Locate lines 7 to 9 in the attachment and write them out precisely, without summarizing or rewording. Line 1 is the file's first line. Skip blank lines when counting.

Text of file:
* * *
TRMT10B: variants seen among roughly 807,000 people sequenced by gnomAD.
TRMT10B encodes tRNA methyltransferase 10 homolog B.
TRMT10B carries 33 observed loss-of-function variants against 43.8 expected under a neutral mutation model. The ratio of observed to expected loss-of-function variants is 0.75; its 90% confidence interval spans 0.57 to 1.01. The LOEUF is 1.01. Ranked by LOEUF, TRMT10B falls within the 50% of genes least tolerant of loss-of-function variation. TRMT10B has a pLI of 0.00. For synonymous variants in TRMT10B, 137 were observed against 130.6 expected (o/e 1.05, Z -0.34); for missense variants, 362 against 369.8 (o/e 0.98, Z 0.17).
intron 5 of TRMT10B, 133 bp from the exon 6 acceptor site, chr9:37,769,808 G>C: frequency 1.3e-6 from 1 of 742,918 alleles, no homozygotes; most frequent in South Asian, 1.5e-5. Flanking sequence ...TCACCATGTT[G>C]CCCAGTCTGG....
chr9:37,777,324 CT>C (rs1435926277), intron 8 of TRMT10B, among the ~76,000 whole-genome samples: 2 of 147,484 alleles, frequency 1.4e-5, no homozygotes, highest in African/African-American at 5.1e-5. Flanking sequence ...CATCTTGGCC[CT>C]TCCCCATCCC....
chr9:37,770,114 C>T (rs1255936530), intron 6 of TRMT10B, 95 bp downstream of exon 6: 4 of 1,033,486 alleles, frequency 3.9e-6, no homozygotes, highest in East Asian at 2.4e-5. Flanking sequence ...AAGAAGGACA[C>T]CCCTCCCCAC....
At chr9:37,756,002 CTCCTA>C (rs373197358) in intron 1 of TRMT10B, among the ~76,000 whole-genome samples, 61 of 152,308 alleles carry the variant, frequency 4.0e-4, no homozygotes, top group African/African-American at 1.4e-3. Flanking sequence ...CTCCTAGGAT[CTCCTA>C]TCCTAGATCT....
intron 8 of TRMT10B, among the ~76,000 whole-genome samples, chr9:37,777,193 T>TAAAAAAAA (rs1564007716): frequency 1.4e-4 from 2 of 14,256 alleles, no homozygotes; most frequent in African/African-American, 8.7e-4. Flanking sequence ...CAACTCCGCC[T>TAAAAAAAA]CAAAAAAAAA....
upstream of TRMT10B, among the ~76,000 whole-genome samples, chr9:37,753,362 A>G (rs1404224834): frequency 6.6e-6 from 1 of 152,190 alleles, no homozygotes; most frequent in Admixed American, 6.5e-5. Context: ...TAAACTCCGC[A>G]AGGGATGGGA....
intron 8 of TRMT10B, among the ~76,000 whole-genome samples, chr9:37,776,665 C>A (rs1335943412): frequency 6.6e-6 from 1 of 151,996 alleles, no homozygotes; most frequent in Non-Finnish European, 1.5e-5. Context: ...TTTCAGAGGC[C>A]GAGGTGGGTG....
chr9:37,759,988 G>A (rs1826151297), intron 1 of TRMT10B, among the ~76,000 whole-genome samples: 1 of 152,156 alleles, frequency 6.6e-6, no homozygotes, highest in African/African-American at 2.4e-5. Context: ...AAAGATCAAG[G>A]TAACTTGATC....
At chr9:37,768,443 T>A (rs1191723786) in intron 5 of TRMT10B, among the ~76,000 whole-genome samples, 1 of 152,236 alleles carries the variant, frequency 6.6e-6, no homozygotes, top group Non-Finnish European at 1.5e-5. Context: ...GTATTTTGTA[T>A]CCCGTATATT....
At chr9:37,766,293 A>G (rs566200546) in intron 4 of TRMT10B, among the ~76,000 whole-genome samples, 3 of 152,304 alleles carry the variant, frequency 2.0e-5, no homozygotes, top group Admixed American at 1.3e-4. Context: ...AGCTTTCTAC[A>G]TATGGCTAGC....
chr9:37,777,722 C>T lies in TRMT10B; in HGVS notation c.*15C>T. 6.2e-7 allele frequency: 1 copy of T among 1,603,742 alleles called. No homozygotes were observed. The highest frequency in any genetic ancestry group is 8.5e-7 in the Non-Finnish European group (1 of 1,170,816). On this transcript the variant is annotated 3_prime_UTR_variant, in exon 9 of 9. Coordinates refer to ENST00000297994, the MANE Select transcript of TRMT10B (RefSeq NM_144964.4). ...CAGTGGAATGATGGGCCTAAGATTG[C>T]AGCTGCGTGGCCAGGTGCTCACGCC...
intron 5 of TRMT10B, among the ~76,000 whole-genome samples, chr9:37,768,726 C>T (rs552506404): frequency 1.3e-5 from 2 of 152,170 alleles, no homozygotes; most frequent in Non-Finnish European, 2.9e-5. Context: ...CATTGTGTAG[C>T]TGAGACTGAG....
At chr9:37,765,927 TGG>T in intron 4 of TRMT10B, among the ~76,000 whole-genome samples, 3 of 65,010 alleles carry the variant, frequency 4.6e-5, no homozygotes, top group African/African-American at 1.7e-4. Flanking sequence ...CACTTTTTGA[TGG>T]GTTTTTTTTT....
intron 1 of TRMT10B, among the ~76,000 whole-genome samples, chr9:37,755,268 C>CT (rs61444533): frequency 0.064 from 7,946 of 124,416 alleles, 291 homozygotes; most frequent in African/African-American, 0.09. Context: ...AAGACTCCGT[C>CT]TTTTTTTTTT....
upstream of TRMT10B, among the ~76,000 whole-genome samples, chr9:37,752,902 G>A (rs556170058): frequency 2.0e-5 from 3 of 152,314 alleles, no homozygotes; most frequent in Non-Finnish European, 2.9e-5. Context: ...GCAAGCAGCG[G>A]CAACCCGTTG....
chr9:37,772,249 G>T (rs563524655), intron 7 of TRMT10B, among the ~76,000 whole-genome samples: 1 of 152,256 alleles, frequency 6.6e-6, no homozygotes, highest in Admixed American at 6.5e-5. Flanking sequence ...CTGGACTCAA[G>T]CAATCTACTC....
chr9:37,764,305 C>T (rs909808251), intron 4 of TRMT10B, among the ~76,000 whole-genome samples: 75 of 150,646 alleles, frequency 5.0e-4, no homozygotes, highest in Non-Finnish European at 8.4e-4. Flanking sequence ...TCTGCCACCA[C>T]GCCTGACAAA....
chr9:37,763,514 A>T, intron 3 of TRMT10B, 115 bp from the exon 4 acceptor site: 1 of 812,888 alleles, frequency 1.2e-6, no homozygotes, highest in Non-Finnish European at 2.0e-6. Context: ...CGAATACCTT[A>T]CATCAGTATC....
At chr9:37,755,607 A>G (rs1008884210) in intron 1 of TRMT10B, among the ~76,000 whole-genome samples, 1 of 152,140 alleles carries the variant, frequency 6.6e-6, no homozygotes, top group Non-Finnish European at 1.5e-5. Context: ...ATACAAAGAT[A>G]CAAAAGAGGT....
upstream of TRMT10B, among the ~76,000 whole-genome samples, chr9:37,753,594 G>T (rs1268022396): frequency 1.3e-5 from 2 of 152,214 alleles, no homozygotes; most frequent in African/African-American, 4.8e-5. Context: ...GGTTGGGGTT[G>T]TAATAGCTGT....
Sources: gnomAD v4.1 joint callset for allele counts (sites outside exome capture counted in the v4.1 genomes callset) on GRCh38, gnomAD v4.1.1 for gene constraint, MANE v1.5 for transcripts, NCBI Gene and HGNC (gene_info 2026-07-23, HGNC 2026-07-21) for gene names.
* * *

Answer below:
At chr9:37,756,002 CTCCTA>C (rs373197358) in intron 1 of TRMT10B, among the ~76,000 whole-genome samples, 61 of 152,308 alleles carry the variant, frequency 4.0e-4, no homozygotes, top group African/African-American at 1.4e-3. Flanking sequence ...CTCCTAGGAT[CTCCTA>C]TCCTAGATCT....
intron 8 of TRMT10B, among the ~76,000 whole-genome samples, chr9:37,777,193 T>TAAAAAAAA (rs1564007716): frequency 1.4e-4 from 2 of 14,256 alleles, no homozygotes; most frequent in African/African-American, 8.7e-4. Flanking sequence ...CAACTCCGCC[T>TAAAAAAAA]CAAAAAAAAA....
upstream of TRMT10B, among the ~76,000 whole-genome samples, chr9:37,753,362 A>G (rs1404224834): frequency 6.6e-6 from 1 of 152,190 alleles, no homozygotes; most frequent in Admixed American, 6.5e-5. Context: ...TAAACTCCGC[A>G]AGGGATGGGA....